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If you’re considering a career as a pharmacy technician but you’re unsure how to get started, there are a lot of helpful resources worth browsing before you dive in. From understanding the roles and responsibilities involved in the position to confirming the certification requirements you’ll need to receive, below we’ve outlined a comprehensive guide to everything you should know about the right way to start a career in this exciting field.
On a day to day basis, the pharmacy technician is in charge of filling out prescriptions, interacting with the pharmacy customers and assisting the onsite pharmacist with any tasks that he or she may need help with. To paint a picture of the job, on any given work day as a pharmacy tech you will most likely find yourself doing the following things:
Read more about what pharmacy technicians do.
Lucky for aspiring pharmacy technicians, this industry is a consistently growing one that offers seemingly endless career opportunities nationwide. As of today, the largest segment of the nation’s population is made up of elderly citizens who routinely trust the help of well-trained pharmacy techs in order to measure and administer the medications they rely on to maintain a healthy, comfortable lifestyle. Because of this demographic-fueled demand, pharmacy technician jobs are expected to grow 9% throughout the next seven years.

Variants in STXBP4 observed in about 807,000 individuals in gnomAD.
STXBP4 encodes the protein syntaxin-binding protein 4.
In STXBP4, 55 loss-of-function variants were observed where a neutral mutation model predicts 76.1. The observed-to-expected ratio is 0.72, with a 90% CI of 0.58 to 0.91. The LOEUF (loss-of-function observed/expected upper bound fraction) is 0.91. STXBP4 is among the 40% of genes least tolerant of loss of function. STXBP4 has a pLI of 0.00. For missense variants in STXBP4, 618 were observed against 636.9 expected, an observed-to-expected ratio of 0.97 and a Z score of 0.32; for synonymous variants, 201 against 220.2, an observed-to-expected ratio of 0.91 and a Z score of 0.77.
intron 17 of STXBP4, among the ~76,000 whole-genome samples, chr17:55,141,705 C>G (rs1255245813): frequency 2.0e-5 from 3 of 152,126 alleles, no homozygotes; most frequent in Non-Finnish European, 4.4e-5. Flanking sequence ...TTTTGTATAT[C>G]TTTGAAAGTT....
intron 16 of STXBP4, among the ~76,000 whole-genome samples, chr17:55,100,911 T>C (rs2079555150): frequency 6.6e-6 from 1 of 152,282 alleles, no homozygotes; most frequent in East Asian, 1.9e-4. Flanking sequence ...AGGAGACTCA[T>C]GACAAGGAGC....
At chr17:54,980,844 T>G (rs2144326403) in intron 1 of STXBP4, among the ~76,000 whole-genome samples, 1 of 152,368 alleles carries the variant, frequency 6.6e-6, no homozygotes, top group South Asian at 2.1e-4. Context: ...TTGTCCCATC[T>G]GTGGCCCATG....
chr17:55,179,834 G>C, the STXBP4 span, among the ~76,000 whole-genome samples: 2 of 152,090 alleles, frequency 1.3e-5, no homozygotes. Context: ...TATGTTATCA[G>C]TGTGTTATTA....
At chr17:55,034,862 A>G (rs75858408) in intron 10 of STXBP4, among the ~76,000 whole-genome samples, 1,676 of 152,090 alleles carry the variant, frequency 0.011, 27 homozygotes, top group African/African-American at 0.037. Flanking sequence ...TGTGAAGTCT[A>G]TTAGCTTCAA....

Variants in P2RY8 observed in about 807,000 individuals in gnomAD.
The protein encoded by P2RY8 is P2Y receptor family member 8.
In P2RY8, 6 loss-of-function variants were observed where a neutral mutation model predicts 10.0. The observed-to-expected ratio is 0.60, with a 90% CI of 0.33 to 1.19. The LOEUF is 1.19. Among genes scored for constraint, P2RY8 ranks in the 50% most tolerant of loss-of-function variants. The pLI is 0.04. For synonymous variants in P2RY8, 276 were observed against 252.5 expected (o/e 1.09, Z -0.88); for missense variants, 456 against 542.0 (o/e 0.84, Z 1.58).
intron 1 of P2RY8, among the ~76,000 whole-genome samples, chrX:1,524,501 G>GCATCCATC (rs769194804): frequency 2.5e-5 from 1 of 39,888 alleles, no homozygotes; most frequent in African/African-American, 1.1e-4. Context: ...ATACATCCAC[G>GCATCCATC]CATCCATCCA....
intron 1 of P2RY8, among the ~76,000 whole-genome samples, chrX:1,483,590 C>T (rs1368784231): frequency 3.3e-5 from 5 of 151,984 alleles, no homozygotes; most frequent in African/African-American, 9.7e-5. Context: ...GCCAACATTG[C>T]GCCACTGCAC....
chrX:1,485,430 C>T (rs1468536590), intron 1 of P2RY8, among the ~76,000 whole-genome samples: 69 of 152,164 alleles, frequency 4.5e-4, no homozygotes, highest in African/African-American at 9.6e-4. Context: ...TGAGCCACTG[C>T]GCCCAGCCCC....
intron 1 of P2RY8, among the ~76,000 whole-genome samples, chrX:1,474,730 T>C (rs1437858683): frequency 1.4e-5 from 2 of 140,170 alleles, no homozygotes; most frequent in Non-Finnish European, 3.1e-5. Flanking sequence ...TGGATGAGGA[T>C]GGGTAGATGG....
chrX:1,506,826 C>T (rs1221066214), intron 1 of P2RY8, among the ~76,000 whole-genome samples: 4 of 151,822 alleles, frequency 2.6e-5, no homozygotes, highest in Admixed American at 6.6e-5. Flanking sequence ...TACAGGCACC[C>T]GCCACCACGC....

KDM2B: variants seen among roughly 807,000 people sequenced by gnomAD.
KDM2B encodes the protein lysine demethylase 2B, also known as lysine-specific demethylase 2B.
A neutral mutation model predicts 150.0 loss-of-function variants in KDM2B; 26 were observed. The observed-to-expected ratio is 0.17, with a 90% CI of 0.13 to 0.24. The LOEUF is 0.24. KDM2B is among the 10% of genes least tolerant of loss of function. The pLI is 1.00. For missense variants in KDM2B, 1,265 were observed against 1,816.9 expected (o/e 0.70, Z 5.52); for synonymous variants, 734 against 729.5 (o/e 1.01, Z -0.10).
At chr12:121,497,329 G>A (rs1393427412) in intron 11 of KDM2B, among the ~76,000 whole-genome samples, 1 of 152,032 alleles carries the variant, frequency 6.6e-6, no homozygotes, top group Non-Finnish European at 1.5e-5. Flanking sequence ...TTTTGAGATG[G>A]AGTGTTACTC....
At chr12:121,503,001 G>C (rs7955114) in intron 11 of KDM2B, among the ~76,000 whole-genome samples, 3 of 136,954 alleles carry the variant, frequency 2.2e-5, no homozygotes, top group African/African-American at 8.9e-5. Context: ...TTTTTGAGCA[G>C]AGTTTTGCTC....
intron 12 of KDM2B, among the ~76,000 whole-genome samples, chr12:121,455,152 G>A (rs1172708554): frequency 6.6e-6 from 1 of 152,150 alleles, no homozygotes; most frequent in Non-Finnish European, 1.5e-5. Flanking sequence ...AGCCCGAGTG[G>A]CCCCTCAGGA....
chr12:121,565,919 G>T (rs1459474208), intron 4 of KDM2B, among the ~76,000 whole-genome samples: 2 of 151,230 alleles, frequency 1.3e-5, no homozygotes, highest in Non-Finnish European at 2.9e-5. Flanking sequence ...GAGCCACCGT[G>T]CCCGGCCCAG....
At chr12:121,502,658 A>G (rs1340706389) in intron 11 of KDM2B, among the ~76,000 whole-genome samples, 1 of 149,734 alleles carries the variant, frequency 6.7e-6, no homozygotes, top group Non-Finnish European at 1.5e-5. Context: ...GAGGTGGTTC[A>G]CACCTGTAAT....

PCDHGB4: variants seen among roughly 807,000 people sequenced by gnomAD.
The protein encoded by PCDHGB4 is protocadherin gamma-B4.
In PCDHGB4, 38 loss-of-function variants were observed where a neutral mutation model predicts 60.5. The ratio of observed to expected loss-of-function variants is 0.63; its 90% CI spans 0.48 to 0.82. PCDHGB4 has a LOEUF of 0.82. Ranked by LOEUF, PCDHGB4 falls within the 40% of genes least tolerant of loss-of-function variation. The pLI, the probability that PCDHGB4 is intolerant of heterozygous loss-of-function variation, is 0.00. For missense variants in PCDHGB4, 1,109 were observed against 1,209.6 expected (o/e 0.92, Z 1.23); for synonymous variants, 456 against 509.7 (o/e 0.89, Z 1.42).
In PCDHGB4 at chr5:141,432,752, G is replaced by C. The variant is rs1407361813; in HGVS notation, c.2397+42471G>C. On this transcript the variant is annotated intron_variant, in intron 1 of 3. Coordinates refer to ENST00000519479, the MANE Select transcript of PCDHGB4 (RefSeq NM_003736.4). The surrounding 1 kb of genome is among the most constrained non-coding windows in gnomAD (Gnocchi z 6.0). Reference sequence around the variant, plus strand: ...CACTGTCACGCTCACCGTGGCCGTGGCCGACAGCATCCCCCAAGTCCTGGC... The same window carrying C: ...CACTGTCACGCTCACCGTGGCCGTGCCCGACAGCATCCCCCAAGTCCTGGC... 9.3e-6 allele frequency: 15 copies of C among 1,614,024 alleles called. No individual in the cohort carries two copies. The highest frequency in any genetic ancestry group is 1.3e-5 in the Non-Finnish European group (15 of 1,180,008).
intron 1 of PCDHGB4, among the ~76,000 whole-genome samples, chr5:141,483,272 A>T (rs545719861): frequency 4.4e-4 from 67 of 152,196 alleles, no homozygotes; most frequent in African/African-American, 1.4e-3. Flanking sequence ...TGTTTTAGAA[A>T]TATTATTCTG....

The majority (about 70%) of pharmacy technicians actively working today can be found in retail pharmacies. These are the national chains you’re likely familiar with- Walgreens, Duane Reade, CVS, etc. Many retail pharmacies are also found within other popular mass merchandisers like Walmart or Target, or in certain popular grocery store chains like Shop Rite.
There are several benefits to working at locations such as these. Firstly, they typically offer more flexible work schedules and hours- many are open on weekends, many are 24 hours, etc. Similar to other medical fields (especially those in 24 hour environments), many of these locations offer technicians the option of joining a rotating weekly schedule in which schedules vary (your days off can vary as well as the times of day you’d like to work).
There are also a number of job opportunities available at locations referred to as “compounding pharmacies.” These are your smaller, independently owned “mom and pop” locations, and the dynamic at these are a bit different for a few reasons. Firstly, a compounding pharmacy actually has the ability to create custom prescriptions. Because of this fact, the technicians that are hired to work in a compounding pharmacy location are often required to receive certification.
Beyond that, you could also start your pharmacy tech career somewhere like a hospital or nursing home. If you decide to work in a hospital setting, you will spend the majority of your time preparing prescriptions. The difference between a hospital pharmacy tech and a retail pharmacy tech however, is that a hospital pharmacy tech prepares those prescribed medications in single doses (whereas retail techs fill prescriptions that are meant to last an extended period of time). Hospital pharmacy technicians also may also be required to fill syringes or prepare IV solutions. However, pharmacy technicians can also expect to earn a slightly higher salary if they elect to work in a hospital.